36. This primary aspect has been obscured by the emotions and polemics surrounding such terms as infallibility and universal and immediate jurisdiction. As with other dogmas, the terms which express the dogma of 1870 belong to their time, and must be understood in the context of that time and of the debates of that era. The truth behind them is capable of fuller understanding in new settings by all concerned. Already Vatican II's Constitution on the Church, Lumen Gentium, and other documents have done something to adjust an imbalance left by the unfinished business of Vatican I.
The terms referred to are not to be explained away: from different standpoints we are agreed that this would be neither useful nor honest. Yet they are not claims about human qualities or glorifications of an office. They are to be understood in the light of the total conception and the total responsibility of teaching and disciplinary office in the Church — a pastoral office mirroring the constant presence and solicitude of the Spirit within the Church, leading into truth and disciplining in love. Thus, and thus only, whatever its forms and nomenclature, can any authority be understood and legitimized.
However the claims implied in such terms are circumscribed and clarified, it is unlikely that Methodists in the foreseeable future will feel comfortable with them. But Methodist awareness of the papacy has enlarged and greatly altered in recent times, and the general idea of a universal service of unity within the Church, a primacy of charity mirroring the presence and work in the Church of the Spirit who is love, may well be a basis for increased understanding and convergence.

   37. We have said above that the personal authority of holiness (para. 33) also shows the Spirit present and at work. This points to the question of a relationship which we discussed as long ago as Denver (1971) — that of authority and conscience. This has often been seen less as a relationship than as a Protestant/Catholic antithesis. If what we have agreed so far is true, this view can only be a distortion. That authority is a service of the Gospel, that the assent of faith is free or nothing, that the one witnesses to the other, no Catholic will deny: that Christian conscience is formed within the life of the Church, which is life in the Spirit, no Methodist will dispute. More questions on this relationship must arise in our next phase of work, on practical, ethical and moral judgements, but these agreed principles will apply.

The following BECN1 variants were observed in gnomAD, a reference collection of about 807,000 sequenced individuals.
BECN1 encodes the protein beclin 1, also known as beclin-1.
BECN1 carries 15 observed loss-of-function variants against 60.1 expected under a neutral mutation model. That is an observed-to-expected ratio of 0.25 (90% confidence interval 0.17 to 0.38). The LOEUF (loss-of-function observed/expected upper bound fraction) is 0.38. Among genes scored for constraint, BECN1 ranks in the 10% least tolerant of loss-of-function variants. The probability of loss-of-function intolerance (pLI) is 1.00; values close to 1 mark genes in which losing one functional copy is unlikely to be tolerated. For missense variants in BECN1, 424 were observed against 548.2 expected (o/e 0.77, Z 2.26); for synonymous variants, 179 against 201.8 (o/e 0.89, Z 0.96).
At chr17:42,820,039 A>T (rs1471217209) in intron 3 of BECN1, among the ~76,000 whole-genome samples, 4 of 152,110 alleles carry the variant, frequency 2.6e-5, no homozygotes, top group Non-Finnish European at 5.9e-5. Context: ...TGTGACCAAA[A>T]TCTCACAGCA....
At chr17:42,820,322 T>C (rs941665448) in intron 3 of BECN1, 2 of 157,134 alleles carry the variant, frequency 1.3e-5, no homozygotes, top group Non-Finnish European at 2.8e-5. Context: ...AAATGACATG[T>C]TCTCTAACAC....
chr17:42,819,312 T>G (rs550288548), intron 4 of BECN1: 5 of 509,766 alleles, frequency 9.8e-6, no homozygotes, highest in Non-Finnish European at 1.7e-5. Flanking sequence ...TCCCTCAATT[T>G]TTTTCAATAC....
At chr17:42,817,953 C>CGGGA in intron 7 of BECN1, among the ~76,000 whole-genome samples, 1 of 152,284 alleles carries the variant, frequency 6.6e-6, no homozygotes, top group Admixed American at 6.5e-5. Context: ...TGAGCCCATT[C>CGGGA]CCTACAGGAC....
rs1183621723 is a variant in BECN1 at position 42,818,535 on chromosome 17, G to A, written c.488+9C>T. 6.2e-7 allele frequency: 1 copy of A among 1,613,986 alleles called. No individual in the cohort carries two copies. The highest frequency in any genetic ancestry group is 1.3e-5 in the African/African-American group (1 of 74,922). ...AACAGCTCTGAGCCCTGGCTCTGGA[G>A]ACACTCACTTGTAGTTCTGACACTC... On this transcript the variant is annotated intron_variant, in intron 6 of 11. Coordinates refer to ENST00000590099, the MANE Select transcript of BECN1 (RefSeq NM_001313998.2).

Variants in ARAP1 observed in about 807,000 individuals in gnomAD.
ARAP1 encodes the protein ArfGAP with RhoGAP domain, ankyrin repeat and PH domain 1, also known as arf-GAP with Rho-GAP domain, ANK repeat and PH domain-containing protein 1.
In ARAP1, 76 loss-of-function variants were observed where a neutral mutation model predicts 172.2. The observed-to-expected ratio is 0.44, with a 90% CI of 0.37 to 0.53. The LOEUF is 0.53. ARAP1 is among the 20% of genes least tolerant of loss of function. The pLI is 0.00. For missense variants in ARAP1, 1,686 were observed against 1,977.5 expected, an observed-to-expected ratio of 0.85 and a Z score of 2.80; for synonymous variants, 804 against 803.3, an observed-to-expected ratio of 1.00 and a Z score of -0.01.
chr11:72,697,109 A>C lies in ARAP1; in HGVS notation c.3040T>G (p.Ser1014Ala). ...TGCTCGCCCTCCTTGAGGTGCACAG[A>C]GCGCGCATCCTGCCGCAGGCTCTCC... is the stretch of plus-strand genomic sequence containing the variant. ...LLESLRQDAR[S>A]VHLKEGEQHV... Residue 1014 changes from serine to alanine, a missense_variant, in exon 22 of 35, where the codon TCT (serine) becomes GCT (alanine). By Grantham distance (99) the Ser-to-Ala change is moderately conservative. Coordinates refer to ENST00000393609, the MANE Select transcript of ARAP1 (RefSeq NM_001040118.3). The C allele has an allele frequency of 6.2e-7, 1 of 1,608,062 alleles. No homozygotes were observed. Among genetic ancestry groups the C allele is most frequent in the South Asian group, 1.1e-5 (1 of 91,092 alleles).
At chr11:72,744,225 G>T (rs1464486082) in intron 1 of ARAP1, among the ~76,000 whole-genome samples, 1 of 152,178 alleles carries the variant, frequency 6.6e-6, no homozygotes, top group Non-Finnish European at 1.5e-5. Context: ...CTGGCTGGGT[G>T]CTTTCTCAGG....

38. We have agreed that:
"The coming of this Kingdom involves the transformation of the human community now marred by sin with its resultant oppression and poverty into a community of justice, love and peace" (n. 22 above).

We are not under the illusion that the signs of the activity of the Holy Spirit we started by pointing to are signs to be found everywhere. There is much cause for disquiet, in the impatience and contempt, not for tyrannical and arbitrary authority but for the fundamental authority which alone makes ordered life possible. The contempt for human life, for diplomatic immunity, for our natural inheritance, are saddening signs of the times. What we said above about the criteria by which alone authority can be understood or legitimized clearly applies, for Christians, to all authority ecclesiastical or secular. Hence, it is that we see concern for the poor and the oppressed and for the conservation of God's gifts as one test by which all authority is to be judged. All arbitrary and absolute authority, denying the respect due to human beings and to creation, is unchristian.



  1. "About a quarter before nine, while he (the reader of Luther's Preface to Romans) was describing the change which God works in the heart through faith in Christ, I felt my heart strangely warmed. I felt I did trust in Christ, Christ alone, for salvation; and an assurance was given me that he had taken away my sins, even mine, and saved me from sin and death" (cf Dublin report, note 6 to no. 12, which recalls that Methodists do not see "assurance" as "a form of certainty which removes the need for hope".